Friday, June 17, 2011

Dear Randy: Can you explain this Genealogical Paradox?

Reader Bud wrote an email asking a question:

"You seem like a person who would be familiar with what I call the Genealogical Paradox. Hopefully, you can tell what others are calling it these days and the solution others have come up with.

"Genealogical Paradox: We can trace our roots back to a time when everyone in the world is our ancestor. Equally, we are all related! Although this is a possibility, it seems unlikely. Let me use the attached worksheet to outline the argument.

"First, I researched our scientist’s best estimates of the world’s population. E.g.

"Where I did not have estimates, I filled in a reasonably consistent manner. Now to Sheet 1. In columns E-J, I assumed various intervals between a child’s birth and his/her parents. I begin in 1954. In column K, I assumed that each ancestor child had distinct parents from all other ancestor children…each child is independent from all others….only children. In columns M-R, I looked up the population in millions for each year in columns E-J from Sheet2. In column S, I took the 25 year spacing and blew it out for comparability in column K.

"All the estimates I found suggested that before the year (approx.) 1000, the world (not just Europe) had a population of 300 million or less.  What it shows is that at my 30 generation, everyone in the world is my 30th great-grandparents!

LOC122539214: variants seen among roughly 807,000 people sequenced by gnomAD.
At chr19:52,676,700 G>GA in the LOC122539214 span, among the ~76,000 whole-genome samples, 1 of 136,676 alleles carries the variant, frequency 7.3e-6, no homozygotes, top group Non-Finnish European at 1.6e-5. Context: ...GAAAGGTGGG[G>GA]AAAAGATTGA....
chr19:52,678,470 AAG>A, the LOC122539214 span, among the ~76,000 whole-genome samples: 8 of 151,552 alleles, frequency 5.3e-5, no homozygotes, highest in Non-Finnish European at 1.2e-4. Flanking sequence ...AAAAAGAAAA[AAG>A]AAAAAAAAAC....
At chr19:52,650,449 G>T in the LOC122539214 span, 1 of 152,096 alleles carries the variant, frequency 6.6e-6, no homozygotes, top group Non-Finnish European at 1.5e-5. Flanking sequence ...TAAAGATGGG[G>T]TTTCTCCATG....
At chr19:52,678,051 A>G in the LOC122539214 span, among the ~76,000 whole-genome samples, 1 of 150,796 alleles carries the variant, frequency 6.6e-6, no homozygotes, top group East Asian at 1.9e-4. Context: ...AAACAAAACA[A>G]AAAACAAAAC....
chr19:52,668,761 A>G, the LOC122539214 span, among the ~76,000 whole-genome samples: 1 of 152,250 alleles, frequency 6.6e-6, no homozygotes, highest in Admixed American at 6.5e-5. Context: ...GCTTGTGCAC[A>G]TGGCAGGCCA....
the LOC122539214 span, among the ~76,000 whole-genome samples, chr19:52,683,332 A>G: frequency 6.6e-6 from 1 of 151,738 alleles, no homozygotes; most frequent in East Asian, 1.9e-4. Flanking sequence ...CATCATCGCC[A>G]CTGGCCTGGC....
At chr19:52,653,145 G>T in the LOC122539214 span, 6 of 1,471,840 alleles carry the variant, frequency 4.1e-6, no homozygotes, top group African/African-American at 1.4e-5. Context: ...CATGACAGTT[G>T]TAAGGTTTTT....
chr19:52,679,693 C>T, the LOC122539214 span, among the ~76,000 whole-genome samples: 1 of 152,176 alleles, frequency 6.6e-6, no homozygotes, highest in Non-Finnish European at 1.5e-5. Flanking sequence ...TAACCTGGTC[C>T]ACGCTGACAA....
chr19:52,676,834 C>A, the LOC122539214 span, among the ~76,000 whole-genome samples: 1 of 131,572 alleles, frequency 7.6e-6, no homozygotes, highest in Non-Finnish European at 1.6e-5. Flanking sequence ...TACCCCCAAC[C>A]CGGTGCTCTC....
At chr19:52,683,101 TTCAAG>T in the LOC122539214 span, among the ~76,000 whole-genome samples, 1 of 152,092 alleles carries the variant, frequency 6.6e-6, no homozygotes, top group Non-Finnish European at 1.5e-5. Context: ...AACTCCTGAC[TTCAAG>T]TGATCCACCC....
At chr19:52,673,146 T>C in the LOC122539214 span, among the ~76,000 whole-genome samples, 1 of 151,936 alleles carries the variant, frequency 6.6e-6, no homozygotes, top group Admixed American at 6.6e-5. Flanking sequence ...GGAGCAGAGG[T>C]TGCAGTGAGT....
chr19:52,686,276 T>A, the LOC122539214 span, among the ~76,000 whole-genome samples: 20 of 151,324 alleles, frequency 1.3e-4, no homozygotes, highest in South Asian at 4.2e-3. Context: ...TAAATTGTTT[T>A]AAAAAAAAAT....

"Ok. Absurd, yes. My “independence” assumption is NOT true.  Because of the exponential affect, these exorbitant numbers are cut down a great deal.

"However, unless the world had more than 300 million people at some points in time, it doesn’t change the conclusion; it defers the conclusion: At some point in time, everyone in the world is our ancestor.

"My problem is looking at the magnitude of the numbers. It explodes well before we get into B.C era. Any direction or insights would be appreciated. And if I am the only nut who thinks of such things, then please pray for me. I must have too much time on my hands."

Bud did a lot of work trying to figure out his paradox.  Where are all of the missing ancestors?  The spreadsheet was well done, and accurate, too. 

I am not an expert at this, so my answer to Bud referred to more knowledgeable people than myself.  Here is my response:

"The simple answer to your question is: Pedigree Collapse. Before 1800, people often married their cousins because of the limited "breeding stock" within walking distance, and because of familiarity with their family.

"There are a number of excellent articles, with examples, at:

"* Pedigree Collapse --

"This article says:

'Since every person has two parents, the number of ancestors in each older generation can be calculated by multiplying by two again. So 2 parents in 2 generations = 2 x 2 = 4 ancestors (grandparents). 2 parents in 3 generations = 2 x 2 x 2 = 8 ancestors (great-grandparents). Going back 30 generations would mean 230, or a billion, ancestors. Few people have the same maternal and paternal grandfather, but many people have, for example, relatives who are both a great-grandfather and a great-great-grandfather — each through a different side of the family. This is because cousins — sometimes quite distant cousins — marry. So instead of a person having a billion distinct ancestors 30 generations ago, they are limited to a much smaller number, especially since historically many families lived in the same area for hundreds of years.'